March 5, 2014
Netanyahu's inaction to Obama's provocations sends powerful message
Kerry, after apparent criticism by Schumer, seeks to allay skepticism on diplomacy
How to ruin a perfectly good kid in 10 simple steps
2014 Oscars played it safe, but was faith lost in the shuffle?
Apple joins Hobby Lobby in touting corporate values beyond profit
March 3, 2014
Alina Dain Sharon: In the Hebrew calendar, a leap year has extra month, not day
Latest Obama appointment to prove Prez set on emasculating so-called Israel Lobby
Jewish World Review
April 24, 2006
/ 26 Nissan, 5766
Globalization, ancient and modern
Victor Davis Hanson
LEPTIS MAGNA, Libya The most vibrant cities of the Roman Empire were often not found in Europe. Many were located along the southern and eastern Mediterranean and Aegean, such as Leptis Magna, Ephesus and Pergamum.
Some of the most impressive ruins of these lost cities are in Libya, at Leptis Magna, whose stones have survived for two millennia. Acres of roads, arches, colonnades and temples arise out of the coastal sands, making Leptis Magna one of the most arresting sites of the ancient world albeit one closed to most Western visitors for more than 30 years. I've had the opportunity to visit Leptis Magna as a guest lecturer on a tour of the lost cities of Libya and Tunisia.
In an ironic twist, the fact that Leptis Magna and other antiquities in Libya have been off-limits for decades has meant that they haven't been much harmed by development or worn by tourist traffic. And much of the vast ancient city of Leptis Magna still remains unexcavated beneath the coastal scrub.
Once the ancient Mediterranean was brought under Roman sway mare nostrum ("our sea") in the first century B.C. E., a new homogeneous economy, from England to the Sahara, and from Spain to the Euphrates, replaced the old system of local barter. An improved standard of living among diverse peoples followed, a standard not seen again until the 18th century. Libya's Leptis Magna, for example, was as wealthy as any city in Italy, and its local son, Septimius Severus, once sat as emperor in Rome.
A common language (or, rather, two languages Latin in the west, Greek to the east), habeas corpus , sophisticated aqueducts and good roads ensured a certain uniformity to millions of people for nearly 500 years. This Roman culture was spread not just by the military. It endured because indigenous peoples believed such imported civilization had become their own and offered them more than any past alternatives.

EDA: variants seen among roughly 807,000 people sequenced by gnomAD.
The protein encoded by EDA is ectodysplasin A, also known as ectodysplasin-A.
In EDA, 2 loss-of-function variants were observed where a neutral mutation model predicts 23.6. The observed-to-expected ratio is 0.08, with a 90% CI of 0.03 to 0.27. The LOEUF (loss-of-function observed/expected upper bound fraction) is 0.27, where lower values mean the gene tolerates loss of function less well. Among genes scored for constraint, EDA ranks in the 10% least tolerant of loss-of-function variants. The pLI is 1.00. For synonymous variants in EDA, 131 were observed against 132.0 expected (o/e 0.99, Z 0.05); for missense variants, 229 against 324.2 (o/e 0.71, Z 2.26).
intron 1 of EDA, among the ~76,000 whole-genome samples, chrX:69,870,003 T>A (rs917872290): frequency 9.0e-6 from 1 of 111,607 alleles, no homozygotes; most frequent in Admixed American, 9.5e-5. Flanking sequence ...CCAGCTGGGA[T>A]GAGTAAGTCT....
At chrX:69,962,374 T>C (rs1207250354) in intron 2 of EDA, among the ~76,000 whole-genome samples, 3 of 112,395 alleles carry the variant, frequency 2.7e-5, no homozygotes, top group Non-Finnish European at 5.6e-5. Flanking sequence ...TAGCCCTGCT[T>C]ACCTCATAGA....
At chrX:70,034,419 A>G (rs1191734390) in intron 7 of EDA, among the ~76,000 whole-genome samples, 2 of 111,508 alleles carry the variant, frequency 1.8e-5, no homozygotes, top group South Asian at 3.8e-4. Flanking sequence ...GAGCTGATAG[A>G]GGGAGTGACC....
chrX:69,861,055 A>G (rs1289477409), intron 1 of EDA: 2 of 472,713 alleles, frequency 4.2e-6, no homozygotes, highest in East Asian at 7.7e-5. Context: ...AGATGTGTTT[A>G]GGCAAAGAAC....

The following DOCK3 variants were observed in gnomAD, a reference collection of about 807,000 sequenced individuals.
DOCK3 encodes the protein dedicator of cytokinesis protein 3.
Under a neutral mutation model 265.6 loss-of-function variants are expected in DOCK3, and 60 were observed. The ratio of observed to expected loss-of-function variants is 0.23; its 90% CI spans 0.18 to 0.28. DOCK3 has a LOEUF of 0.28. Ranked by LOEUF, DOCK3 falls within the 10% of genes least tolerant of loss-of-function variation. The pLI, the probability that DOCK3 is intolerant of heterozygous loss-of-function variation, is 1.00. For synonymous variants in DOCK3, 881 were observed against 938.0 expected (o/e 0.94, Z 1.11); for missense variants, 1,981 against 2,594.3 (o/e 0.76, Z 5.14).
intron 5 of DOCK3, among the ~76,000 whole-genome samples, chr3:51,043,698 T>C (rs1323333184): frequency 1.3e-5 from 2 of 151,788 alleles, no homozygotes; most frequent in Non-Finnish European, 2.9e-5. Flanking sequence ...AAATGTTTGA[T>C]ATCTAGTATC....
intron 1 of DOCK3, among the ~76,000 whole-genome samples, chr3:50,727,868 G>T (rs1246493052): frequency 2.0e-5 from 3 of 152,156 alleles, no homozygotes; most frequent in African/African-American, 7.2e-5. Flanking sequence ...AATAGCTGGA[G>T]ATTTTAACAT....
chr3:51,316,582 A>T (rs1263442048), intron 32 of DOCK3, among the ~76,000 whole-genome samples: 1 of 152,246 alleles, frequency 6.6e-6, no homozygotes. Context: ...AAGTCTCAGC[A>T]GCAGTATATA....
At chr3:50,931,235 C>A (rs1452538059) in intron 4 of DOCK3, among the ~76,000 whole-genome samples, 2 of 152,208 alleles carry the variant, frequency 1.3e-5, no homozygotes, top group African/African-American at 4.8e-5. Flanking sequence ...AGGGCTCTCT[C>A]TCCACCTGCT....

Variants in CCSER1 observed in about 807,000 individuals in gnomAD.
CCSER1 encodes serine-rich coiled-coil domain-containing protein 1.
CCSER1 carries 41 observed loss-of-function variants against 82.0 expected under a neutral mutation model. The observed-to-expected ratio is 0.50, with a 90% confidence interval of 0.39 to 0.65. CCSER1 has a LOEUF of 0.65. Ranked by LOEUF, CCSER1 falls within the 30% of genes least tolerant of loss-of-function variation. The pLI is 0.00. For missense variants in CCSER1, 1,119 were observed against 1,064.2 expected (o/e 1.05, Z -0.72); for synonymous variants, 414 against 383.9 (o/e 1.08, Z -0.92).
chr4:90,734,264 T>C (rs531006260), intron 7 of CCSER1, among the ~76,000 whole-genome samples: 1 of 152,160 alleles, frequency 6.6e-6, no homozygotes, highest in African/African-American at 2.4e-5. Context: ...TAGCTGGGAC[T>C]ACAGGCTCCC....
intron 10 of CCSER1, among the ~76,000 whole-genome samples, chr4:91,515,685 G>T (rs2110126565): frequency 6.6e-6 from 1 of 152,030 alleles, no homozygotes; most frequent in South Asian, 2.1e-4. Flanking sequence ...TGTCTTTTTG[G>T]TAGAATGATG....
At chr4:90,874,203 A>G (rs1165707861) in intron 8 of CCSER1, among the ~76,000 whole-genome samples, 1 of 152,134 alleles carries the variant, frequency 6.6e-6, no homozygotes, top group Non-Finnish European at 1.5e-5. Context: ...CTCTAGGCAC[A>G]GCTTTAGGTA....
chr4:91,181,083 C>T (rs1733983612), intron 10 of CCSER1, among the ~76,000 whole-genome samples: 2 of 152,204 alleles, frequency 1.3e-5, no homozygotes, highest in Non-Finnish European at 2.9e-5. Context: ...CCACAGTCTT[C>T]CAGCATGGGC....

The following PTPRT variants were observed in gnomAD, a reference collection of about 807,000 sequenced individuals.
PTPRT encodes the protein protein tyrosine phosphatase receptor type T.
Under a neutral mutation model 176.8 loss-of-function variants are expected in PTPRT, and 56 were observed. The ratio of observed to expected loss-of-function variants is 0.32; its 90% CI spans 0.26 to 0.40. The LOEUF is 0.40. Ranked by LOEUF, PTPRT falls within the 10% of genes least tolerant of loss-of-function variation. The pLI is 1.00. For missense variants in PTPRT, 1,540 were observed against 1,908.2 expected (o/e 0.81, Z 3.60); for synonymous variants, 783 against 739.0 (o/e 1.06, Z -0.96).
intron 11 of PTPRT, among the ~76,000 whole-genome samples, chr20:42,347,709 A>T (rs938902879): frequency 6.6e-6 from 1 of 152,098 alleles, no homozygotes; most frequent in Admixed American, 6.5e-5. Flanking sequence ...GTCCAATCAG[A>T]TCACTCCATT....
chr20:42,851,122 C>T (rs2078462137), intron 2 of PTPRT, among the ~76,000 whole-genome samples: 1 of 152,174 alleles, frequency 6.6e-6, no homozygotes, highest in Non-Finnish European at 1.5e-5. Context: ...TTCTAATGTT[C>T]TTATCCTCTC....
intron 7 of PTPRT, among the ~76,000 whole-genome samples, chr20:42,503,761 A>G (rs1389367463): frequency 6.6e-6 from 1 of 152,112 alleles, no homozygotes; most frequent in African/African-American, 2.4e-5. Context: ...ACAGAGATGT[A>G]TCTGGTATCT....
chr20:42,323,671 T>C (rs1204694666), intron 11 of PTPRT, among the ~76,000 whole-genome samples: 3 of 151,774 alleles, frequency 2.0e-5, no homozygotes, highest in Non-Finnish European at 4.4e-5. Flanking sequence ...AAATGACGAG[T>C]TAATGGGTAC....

We are currently witnessing a second globalization of sorts. International commerce, instant global communications and high technology have created a thin veneer of sameness that has spread among millions across the world. Yet, so far, the Middle East has been largely immune to the accompanying liberalization of politics and freedom that has slowly followed open trade and free markets elsewhere.
In Libya, however, something small is awakening. Cell phones are everywhere. Unlimited access to the Internet and unrestricted satellite television are taken for granted. A once isolated and stagnant country is scrambling to provide private hotels and facilities to lure in an international business class. After the U.S. invasion of Iraq, Libya gave up its program of weapons of mass destruction.
Indeed, after Saddam Hussein was deposed, the United States was supposedly disliked worldwide, its efforts at democratization stalled in the bloodshed of the Sunni Triangle. Yet here in Libya at least, people have been friendly to me and the Americans I'm traveling with and seem ready to resume relations and surprise Westerners with their newfound access to the outside world.
It may go mostly unspoken, but the removal of Saddam and the resulting effort to birth democracy in Iraq have sent tremors through the Middle East.
And even as Americans tire of the costs of reconstructing Iraq, millions of Arabs, who may not like interlopers in the ancient caliphate, are nevertheless curious to see Iraq's new politicians bicker and debate freely on television in a manner unseen in the past.
Look at what's been happening in the Middle East. True, the megaphones of the Arab state-run press are, as always, attacking the United States. But the Lebanese people are in a fury against their former occupiers, the Syrians. Tens of thousands of Jordanians took to the street to protest against the terror of fundamentalist Islam. Revolutionary Hamas is already looking ridiculous, as it tries to beg or cajole enough petty cash to keep its garbage collectors on the job.
And in Leptis Magna, where foreigners trickle back to rediscover the ancient sites, it's clear Col. Muammar al-Qaddafi's Libya is not quite the same place it was four years ago.
Back in America, pensioned generals and out-of-work diplomats who oversaw the failed old realpolitik of the past keep telling us that Iraq is a disaster. They are too quick to declare defeat.
The truth is that a huge rock was dropped in the stagnant Middle East pond by the removal of Saddam Hussein. If we keep our cool and remain patient, the ripples that are slowing emanating may surprise us yet as they do out here among the majestic stones of once-forgotten Leptis Magna.
Every weekday JewishWorldReview.com publishes what many in in the media and Washington consider "must-reading". Sign up for the daily JWR update. It's free. Just click here.
Victor Davis Hanson is a classicist and military historian at the Hoover Institution, Stanford University. Comment by clicking here.
© 2006, TMS